Court backs Greenbrier Commission in sheriff's budget dispute

By Jessica M. Karmasek | Nov 23, 2011


CHARLESTON -- The West Virginia Supreme Court of Appeals says a trial court improperly issued a writ of mandamus against the Greenbrier County Commission for reducing the county sheriff's budget.

The Court, in a Nov. 10 opinion, granted the commission's writ of prohibition, preventing the enforcement of the lower court's ruling.

Cabell Circuit Judge John L. Cummings, serving on special appointment in Greenbrier County, had found that the commission acted "arbitrarily" and "capriciously" by reducing Greenbrier County Sheriff James W. Childers' budget.

On May 20, Cummings issued a writ of mandamus against the commission, directing it to: 1) allocate sufficient funds in the fiscal year 2011-12 budget for the sheriff to fill any necessary vacant positions; 2) meet and confer with the sheriff to determine an amount that is fair and reasonable to uniform and train personnel and to discuss and resolve any other remaining budget items for fiscal year 2011-12; and 3) present a revised budget no later than June 7.

In response, the commission sought a writ of prohibition to prevent the enforcement of the trial court's order.

The state's high court, in its 19-page ruling, found the trial court exceeded its jurisdiction. Justice Thomas McHugh authored the Court's opinion.

McHugh said while the lower court stated appropriate grounds for issuing its writ, neither of the grounds "withstands scrutiny upon examination."

First, the trial court argued the commission's reduction in the sheriff's budget was arbitrary and capricious.

Not so, the Court said.

In its own review of the budget cuts, the Court found the cuts were not "random and without basis," as Childers claims. Quite the opposite is true, it said.

"Of the $144,814 reduction in the law enforcement salary and wages line item it appears that either $105,000 or $107,000 of that amount was due to the Sheriff's failure to hire three additional deputies for whom the Commission had included funds to cover their salaries in the preceding budget year," McHugh wrote.

"And, the record is clear, that in the event the Sheriff were to hire these additional employees, the Commission had indicated its willingness to provide the additional funds for their wages."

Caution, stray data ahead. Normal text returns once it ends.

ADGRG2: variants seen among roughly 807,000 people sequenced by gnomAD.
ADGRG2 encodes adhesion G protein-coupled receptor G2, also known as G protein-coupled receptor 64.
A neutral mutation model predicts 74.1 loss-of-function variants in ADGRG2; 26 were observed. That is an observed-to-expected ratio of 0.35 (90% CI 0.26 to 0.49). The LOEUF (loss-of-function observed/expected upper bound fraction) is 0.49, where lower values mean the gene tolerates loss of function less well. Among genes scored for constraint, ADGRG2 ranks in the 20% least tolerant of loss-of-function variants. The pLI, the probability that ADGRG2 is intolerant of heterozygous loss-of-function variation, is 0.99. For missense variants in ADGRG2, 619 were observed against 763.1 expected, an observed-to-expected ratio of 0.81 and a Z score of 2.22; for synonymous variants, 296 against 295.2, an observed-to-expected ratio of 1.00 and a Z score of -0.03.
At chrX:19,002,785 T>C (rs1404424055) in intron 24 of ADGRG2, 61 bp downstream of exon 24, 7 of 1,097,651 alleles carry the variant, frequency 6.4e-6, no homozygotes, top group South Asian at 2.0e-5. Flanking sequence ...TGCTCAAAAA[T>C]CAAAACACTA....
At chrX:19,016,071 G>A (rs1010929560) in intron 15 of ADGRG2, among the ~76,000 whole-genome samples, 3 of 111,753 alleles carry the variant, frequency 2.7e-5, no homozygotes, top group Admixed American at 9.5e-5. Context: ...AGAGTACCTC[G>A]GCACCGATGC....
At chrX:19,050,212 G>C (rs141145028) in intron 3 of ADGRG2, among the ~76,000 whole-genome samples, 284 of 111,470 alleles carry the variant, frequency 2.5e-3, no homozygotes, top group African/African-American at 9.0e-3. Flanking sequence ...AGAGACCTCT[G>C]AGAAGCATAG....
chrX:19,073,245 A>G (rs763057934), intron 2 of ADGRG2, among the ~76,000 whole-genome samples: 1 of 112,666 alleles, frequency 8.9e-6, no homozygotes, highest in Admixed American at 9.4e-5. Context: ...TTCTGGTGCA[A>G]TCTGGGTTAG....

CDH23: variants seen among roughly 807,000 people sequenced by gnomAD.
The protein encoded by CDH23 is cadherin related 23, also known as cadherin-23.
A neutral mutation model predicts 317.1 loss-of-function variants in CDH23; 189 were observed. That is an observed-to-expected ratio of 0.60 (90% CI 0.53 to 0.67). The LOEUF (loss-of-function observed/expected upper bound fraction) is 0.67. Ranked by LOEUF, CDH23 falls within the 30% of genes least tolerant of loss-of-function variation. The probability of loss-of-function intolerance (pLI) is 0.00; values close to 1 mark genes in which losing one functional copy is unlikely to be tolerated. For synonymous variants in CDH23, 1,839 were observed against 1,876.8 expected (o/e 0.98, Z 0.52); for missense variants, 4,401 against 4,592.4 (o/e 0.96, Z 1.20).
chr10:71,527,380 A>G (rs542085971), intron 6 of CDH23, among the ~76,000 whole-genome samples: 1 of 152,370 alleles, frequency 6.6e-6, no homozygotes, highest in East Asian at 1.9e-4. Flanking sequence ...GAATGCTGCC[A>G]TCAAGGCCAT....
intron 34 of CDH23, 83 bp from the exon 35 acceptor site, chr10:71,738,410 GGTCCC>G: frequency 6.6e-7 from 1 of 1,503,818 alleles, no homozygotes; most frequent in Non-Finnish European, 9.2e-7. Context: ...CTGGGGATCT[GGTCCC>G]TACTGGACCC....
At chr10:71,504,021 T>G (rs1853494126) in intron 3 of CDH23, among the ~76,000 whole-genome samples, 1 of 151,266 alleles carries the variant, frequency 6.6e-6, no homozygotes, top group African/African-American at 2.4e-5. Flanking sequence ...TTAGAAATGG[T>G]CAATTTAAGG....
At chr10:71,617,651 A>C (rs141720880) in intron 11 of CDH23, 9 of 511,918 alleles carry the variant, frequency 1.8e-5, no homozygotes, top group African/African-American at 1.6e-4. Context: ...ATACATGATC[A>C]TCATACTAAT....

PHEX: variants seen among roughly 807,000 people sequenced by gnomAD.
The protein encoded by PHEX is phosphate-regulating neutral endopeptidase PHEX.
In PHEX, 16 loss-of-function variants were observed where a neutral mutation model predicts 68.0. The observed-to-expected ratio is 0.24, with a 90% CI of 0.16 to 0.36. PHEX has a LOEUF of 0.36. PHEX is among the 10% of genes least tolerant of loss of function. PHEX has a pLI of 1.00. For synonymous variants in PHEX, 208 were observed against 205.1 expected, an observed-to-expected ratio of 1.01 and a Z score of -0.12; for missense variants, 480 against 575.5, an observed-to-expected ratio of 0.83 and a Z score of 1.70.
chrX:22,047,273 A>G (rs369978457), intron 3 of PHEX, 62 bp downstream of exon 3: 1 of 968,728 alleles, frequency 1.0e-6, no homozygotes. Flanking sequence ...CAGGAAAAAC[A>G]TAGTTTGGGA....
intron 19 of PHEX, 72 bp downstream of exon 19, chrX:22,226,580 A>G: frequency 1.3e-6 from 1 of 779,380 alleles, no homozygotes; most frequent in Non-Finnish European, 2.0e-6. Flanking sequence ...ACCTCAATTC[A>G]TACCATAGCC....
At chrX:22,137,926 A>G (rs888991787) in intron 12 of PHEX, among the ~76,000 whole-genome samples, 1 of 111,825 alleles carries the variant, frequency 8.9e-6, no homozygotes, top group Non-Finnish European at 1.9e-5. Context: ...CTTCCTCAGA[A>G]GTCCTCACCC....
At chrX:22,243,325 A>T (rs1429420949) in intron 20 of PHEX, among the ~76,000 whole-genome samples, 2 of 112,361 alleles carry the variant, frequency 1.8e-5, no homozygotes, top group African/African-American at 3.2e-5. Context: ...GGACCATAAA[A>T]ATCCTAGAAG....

To look at the budget reduction without factoring in the substantial increase in funding that Childers had been provided the previous two budget years is "misleading," the Court said.

"Of further import to this case is the fact that the Sheriff was fully funded for all of his current employees and those employees, like all other county employees, had received a $100 increase in salary," McHugh noted.

In ruling that the commission misapprehended the law, the trial court also "wrongly injected" itself into fiscal matters "clearly reserved" for the commission, the Court said.

"Without identifying the specific law that the Commission acted in violation of or misapprehended, the trial court found that the Commission could not, as it had promised, set aside funds for the purpose of supplementing the Sheriff's law enforcement budget when and if the Sheriff were to hire additional deputies," McHugh explained.

"Counsel has not directed us to, and neither are we aware of, any law that would prevent the Commission from amending the budget mid-fiscal year to provide the necessary additional funds.

"Moreover, the Commission states that it routinely adds items to its budget during the course of a particular budget year."

The Court, in its ruling, also determined that the trial court's award of attorneys fees to Childers was improper.

From Legal Newsline: Reach Jessica Karmasek by email at

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